What is Conversion Therapy for LGBTQ?

 "What is Conversion Therapy for LGBTQ"

Conversion Therapy for LGBTQ ichhori.com

The practise of "reparative" or "conversion" therapy, which targets LGBTQ adolescents and attempts to modify their sexual or gender identity, is hazardous. Conversion therapy, sometimes known as "reparative therapy," is a collection of dangerous and discredited techniques that incorrectly claim to change a person's sexual orientation, gender identity, or expression. Despite the fact that conversion therapy has been condemned by every professional medical and mental health organisation for decades, some practitioners continue to practise it due to ongoing discrimination and societal hostility towards LGBTQ individuals.Conversion therapy has been linked to depression, anxiety, drug usage, homelessness, and suicide among minors. 

Conversion therapy, sometimes known as "reparative therapy" or "gay cure therapy," is a treatment that aims to modify a person's sexual orientation or gender identity. All forms of conversion therapy, it and other professional organisations have cautioned, are "unethical and potentially hazardous." In practise, this involves attempting to prevent or restrict someone from being gay, or from living as a gender other than their biological gender. It can involve activities like counselling and prayer. "Exorcisms, physical violence, and food restriction" are examples of more extreme forms.

Commonness of Conversion Therapy

It's difficult to say with certainty how common the practise is. It is unclear what constitutes conversion therapy, and victims may be hesitant to discuss their experiences. In the United Kingdom, about 5% of the 108,000 people who responded to a 2018 LGBT government survey stated they had been offered conversion therapy, and 2% had gone through it. Those who were born into an ethnic minority were twice as likely to be affected. In comparison to 6% of non-religious respondents, 10% of Christians and 20% of Muslims indicated they had experienced or been given conversion therapy.

Religious organisations advocate the idea that a person's sexual orientation or gender identity can be changed via prayer or other religious endeavours, as well as through so-called "reparative" or "conversion" therapy. The efficacy of such attempts has been disproven, and they have also been shown to be actively harmful, according to study. Beyond studies focusing solely on reparative therapy, broader research clearly demonstrates the significant harm that societal prejudice and family rejection has on lesbian, gay, bisexual, transgender, and queer (LGBTQ) people, particularly lesbians, gay, bisexual, transgender, and queer (LGBTQ) children.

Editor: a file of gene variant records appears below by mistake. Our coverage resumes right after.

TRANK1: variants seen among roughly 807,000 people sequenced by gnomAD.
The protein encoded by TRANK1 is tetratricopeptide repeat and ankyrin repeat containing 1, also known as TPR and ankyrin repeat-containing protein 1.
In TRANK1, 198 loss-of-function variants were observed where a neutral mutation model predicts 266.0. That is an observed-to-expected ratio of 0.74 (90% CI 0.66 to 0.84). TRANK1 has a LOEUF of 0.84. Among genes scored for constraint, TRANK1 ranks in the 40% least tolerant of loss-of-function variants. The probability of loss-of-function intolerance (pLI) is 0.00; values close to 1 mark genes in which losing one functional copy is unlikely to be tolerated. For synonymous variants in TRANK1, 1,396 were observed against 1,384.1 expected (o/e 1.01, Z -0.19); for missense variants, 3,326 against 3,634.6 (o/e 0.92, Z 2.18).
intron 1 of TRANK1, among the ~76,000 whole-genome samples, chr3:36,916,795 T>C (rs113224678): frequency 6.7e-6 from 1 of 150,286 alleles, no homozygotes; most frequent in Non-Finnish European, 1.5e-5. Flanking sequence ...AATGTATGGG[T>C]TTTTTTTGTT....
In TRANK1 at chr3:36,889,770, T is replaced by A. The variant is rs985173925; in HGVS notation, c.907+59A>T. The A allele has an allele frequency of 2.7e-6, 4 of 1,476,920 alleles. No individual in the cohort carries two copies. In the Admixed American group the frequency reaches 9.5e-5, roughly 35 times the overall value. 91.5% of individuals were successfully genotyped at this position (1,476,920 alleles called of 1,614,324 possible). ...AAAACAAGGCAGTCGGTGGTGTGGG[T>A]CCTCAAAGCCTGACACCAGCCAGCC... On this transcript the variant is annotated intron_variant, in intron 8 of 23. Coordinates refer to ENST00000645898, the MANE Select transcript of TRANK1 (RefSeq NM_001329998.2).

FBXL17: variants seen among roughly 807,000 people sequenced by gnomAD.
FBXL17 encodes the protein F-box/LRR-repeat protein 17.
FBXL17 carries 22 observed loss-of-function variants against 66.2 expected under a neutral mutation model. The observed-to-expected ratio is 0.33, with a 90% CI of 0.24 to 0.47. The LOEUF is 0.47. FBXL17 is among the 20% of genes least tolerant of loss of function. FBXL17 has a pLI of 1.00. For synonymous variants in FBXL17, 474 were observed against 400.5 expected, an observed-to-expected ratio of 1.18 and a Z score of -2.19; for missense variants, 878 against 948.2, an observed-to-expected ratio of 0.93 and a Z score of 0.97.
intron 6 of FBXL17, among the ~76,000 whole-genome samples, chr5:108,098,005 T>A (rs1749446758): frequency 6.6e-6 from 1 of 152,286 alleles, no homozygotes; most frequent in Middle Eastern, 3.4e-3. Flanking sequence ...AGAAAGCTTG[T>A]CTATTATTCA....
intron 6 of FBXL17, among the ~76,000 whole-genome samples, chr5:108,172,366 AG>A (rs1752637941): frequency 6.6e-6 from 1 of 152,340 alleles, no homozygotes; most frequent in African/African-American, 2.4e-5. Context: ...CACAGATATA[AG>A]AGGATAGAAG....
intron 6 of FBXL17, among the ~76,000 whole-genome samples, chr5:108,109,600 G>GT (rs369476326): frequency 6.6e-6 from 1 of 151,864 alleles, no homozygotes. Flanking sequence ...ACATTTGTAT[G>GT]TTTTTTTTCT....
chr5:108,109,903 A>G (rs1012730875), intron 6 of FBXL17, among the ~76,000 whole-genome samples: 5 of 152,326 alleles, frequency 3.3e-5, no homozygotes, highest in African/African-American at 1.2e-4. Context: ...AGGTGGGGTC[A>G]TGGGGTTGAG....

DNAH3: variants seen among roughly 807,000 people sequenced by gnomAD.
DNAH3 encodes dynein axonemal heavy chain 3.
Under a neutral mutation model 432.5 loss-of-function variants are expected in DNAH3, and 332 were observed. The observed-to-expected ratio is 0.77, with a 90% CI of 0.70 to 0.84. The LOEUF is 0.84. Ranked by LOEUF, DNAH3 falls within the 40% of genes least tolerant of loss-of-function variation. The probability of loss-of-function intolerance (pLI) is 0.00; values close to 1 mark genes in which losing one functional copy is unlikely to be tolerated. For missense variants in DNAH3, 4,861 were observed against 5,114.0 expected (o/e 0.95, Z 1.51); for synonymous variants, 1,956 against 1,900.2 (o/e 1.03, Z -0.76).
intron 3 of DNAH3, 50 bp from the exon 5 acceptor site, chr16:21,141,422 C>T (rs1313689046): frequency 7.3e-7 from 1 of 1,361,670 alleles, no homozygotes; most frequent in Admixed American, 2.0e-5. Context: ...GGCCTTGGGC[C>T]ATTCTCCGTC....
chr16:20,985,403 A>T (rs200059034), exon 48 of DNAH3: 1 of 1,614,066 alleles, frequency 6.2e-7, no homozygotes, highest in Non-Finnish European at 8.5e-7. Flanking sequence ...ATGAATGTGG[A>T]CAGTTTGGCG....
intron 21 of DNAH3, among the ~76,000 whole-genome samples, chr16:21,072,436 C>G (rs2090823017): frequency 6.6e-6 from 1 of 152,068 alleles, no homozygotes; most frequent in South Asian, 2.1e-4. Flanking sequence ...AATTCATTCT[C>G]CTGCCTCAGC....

Methods used in Conversion Therapy

Conversion therapy is practised in a variety of ways. They range from ‘talk therapy,' which includes counselling, psychotherapy, and faith-based interventions like prayer, to physical ‘aversion therapy,' which involves the person being exposed to a distressing sensation while also being exposed to a stimulus associated with their sexuality or gender identity. Torture, including so-called corrective rape, is also practised.

Who provides Conversion Therapy

Conversion therapy is still available in various nations, both in public and private medical facilities. Religious organisations have mainly taken up this role in other countries, giving ‘therapy' that typically entails prayer - frequently in public humiliating ways – as well as ‘counselling.'

Family members frequently encourage or pressure LGBTIQ people to undergo "conversion therapy." More than 50 survivors of these "treatments" in Uganda, Kenya, and Tanzania reported their families threatened their safety, threatened to publicly denounce them, or threatened to stop paying their school fees if they refused to participate in the "therapy."

Some LGBTIQ people prefer to go through their own ‘conversion therapy,' which is a manifestation of both social and internalised homophobia and transphobia (OutRight Action International).

Implications of Conversion Therapy

Gender and sexuality transformations are inherently degrading and discriminatory. According to research, these practises have long-term psychological consequences. According to a 2018 study conducted in the United States, young LGBTIQ people who had undergone 'conversion therapy' were more than twice as likely to have attempted suicide.